By "formal analogies" between the metamathematics of $\mathsf{ZFC}$/set theory and $\mathsf{PA}$(=Peano Arithmetic)/first order arithmetic, I mean facts such as the following:

We are considering a first-order theory ($\mathsf{ZFC}$ or $\mathsf{PA}$) motivated as a first-order approximation to a second-order theory (second-order $\mathsf{ZFC}^2$ or $\mathsf{PA}^2$) which is "more or less" categorical; because of this, some axioms (the separation and replacement axioms on the one hand, the induction axiom on the other) have to be stated as axiom schemes in the first-order theory.

There is an interesting hierarchy of formulæ, $\Sigma_n$ or $\Pi_n$, based on alternations of quantifiers (viz.: the arithmetic hierarchy vs. the Lévy hierarchy); at the lowest ($\Delta_0$) level of this hierarchy are formulæ with only "bounded" quantifiers.

There is a uniform truth predicate for any (concrete) given level of the hierarchy, which is built upon some kind of absoluteness of $\Delta_0$ formulæ. As a related fact, the infinite axiom schemes are naturally stratified along the hierarchy (they can be cut off at the $\Sigma_n$ level and stated as a single formula for each concrete $n$).

There is a reflection theorem which ensures that any finite set of true statements (or one bounded in the hierarchy of formulæ) is consistent. In particular, the full theory proves the consistency of the subtheory with the axiom schemes cut off at the $\Sigma_n$ level: that is, the theory ($\mathsf{ZFC}$ or $\mathsf{PA}$) is reflexive. In fact, it is even

*essentially*reflexive (every consistent extension is reflexive).There is a conservative two-kinded extension (Gödel-Bernays on the set theoretical side, $\mathsf{ACA}_0$ on the arithmetical side) which is obtained by allowing formation of classes but only with a comprehension scheme for such classes that does not involve quantifying over classes; remarkably, this conservative two-kinded extension is finitely axiomatizable. There is also a standard strictly stronger two-kinded extension (Morse-Kelley on the set-theoretical side, second-order arithmetic $\mathsf{Z}_2$ seen as a first-order theory on the arithmetical side).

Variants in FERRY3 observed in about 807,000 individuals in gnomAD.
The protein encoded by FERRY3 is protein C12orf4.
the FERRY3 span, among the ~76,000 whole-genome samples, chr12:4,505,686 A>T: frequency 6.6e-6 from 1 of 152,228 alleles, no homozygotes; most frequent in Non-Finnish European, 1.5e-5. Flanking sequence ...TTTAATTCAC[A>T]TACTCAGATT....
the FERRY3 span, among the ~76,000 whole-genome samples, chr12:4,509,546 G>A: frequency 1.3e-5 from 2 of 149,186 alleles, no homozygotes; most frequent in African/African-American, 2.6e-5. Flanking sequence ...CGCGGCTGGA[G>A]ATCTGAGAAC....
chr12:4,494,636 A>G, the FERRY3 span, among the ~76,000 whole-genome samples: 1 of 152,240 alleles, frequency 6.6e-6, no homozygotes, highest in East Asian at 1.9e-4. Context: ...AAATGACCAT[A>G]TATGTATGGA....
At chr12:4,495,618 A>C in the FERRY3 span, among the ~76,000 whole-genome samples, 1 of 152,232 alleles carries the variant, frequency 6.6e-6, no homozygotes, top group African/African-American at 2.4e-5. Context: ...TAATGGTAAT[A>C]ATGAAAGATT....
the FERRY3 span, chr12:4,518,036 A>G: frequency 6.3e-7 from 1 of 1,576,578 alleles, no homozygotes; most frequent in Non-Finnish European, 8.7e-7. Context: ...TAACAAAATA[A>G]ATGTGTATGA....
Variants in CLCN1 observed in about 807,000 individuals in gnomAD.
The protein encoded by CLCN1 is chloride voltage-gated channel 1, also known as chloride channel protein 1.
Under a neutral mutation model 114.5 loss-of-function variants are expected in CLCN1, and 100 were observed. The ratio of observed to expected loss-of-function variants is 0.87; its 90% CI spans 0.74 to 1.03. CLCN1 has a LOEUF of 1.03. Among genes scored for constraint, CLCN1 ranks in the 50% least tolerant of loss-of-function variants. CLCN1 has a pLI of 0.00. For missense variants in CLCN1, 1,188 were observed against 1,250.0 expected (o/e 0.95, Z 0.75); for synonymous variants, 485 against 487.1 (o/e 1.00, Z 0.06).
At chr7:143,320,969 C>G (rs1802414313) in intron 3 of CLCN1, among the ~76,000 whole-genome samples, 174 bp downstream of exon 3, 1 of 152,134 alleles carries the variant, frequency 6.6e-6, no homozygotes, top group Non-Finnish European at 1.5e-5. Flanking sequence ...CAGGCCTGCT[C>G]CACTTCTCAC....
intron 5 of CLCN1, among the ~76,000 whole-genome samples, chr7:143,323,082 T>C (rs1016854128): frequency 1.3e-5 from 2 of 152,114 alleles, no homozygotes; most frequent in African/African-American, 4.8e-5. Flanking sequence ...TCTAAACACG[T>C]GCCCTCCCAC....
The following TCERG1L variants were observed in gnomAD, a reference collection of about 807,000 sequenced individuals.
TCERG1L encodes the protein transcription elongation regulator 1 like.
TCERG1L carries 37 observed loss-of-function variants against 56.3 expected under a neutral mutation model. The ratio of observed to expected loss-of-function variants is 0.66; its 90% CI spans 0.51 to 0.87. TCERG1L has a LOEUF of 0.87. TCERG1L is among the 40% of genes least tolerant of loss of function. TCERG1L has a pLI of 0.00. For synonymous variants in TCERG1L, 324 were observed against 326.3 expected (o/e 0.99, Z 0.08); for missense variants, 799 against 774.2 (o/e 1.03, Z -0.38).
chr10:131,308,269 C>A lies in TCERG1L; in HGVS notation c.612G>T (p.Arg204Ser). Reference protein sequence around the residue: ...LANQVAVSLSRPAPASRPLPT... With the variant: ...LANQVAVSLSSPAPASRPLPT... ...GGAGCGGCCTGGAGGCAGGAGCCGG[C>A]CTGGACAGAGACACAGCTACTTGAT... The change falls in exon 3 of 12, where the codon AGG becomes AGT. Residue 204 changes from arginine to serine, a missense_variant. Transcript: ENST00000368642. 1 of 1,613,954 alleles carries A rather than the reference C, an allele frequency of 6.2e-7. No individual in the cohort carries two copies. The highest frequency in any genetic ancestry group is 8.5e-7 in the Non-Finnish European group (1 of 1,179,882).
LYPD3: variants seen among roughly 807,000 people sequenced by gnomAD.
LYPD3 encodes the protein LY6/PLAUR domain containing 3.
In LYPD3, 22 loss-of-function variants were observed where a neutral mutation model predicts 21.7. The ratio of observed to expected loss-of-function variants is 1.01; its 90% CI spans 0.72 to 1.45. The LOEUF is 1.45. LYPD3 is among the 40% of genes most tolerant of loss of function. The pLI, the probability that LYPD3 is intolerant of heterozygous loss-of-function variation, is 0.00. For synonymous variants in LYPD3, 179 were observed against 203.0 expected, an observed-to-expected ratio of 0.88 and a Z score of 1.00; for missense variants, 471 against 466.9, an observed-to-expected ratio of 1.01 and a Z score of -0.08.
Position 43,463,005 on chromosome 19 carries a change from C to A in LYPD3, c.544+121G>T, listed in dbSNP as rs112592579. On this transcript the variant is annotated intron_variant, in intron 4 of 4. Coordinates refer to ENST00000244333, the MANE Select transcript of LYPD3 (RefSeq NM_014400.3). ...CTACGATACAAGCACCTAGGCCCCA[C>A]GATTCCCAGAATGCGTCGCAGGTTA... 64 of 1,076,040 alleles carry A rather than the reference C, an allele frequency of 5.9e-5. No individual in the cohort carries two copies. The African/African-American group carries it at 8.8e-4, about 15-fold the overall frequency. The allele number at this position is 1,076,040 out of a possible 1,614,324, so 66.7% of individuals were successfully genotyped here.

(I hope I didn't mess things up too much, but all of these facts are standard and can be found in standard textbooks such as Jech's *Set Theory* for the set-theoretical side and Hájek and Pudlák's *Metamathematics of First-Order Arithmetic* plus Simpson's *Subsystems of Second-Order Arithmetic* for the arithmetical side.)

I'm sure many more examples can be found. Maybe I should also nod to the similarity between proof theory of extensions of $\mathsf{PA}$ by analysing ordinal notations made by collapsing recursively large ordinals, and large cardinal extensions of $\mathsf{ZFC}$ — or maybe not.

Yet as striking as this analogy seems, nobody seems to comment upon it as far as I know. (At the very least, this seems pedagogically regrettable: I'm sure all of the above statements would be more memorable to students if the analogous statements were made explicit.)

So: is there some deeper truth to be found behind this parallelism? (Or are all my sample facts just aspects of a single phenomenon? Or is this just a red herring?) Might it make sense to bring $\mathsf{ZFC}$ and $\mathsf{PA}$ under an umbrella metatheory so that the above facts can be proved in a common formalism? At the very least, is there a textbook I missed where the analogy is played out in some detail?

And perhaps more thought provokingly: can one give an example of a completely different kind of theory that is just as similar to $\mathsf{ZFC}$ and $\mathsf{PA}$ as they are to each other?

(I'm of course aware that are also huge differences between $\mathsf{ZFC}$ and $\mathsf{PA}$; but I would tend to say that they make the similarities all the more striking.)